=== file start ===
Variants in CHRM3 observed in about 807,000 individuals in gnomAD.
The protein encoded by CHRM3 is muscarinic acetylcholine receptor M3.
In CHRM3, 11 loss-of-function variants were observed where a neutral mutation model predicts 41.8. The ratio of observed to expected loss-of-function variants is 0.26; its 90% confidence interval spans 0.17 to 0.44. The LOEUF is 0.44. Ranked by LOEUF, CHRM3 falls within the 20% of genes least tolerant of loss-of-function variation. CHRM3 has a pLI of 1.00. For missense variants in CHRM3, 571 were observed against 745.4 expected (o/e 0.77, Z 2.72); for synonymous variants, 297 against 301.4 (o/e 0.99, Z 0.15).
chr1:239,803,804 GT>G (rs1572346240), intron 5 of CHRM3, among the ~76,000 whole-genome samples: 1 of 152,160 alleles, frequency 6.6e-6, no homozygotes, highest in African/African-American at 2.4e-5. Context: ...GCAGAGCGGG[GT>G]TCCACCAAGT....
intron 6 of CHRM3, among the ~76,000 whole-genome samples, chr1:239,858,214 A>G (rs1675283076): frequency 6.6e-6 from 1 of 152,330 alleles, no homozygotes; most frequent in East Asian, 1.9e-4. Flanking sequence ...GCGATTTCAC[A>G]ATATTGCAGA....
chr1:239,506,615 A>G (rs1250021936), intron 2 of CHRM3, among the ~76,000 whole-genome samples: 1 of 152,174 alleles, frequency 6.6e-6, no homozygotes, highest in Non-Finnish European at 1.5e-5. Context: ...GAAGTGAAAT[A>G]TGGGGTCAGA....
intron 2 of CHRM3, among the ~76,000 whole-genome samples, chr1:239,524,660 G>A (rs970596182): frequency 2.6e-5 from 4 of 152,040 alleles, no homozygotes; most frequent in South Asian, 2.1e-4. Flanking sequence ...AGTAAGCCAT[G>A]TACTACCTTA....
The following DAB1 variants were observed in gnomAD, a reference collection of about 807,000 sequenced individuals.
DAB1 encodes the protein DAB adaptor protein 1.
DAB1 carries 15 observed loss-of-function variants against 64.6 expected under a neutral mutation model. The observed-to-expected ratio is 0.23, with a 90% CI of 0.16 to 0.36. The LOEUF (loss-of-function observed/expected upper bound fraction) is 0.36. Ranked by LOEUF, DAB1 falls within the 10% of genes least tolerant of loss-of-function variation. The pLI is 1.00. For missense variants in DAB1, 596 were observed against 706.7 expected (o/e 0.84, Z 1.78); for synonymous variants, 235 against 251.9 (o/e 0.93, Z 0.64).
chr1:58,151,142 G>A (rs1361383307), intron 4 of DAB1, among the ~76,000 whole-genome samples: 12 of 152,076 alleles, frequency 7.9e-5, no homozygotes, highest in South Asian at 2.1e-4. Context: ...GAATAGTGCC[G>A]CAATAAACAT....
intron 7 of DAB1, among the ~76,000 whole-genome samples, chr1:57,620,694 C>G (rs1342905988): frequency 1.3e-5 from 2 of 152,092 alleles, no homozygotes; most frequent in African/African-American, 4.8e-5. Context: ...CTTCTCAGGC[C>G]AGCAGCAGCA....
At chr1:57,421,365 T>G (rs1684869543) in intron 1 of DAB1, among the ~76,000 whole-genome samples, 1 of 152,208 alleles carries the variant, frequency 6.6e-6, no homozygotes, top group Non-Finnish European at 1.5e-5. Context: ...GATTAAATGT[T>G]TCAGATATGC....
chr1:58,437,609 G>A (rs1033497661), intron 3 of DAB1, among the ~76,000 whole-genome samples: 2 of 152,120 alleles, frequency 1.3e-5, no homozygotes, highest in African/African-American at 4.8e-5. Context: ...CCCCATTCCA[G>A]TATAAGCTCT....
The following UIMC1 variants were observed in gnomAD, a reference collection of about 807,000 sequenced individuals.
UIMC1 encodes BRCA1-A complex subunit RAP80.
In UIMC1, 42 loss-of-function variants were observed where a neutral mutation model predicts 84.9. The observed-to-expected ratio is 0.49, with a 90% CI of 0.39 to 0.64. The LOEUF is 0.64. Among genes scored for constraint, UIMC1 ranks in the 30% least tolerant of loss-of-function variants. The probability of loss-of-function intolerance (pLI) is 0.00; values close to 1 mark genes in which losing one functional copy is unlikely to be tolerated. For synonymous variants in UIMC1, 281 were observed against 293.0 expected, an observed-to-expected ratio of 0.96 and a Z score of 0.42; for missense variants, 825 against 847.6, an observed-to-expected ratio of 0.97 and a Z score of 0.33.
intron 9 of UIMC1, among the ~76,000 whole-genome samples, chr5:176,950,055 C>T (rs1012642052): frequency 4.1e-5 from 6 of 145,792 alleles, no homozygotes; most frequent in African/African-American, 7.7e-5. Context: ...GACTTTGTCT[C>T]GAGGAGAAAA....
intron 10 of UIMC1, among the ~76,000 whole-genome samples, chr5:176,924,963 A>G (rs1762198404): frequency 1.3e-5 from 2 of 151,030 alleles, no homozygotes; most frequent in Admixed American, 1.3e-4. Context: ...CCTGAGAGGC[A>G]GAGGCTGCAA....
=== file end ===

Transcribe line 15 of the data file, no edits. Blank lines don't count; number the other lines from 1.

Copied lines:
The following UIMC1 variants were observed in gnomAD, a reference collection of about 807,000 sequenced individuals.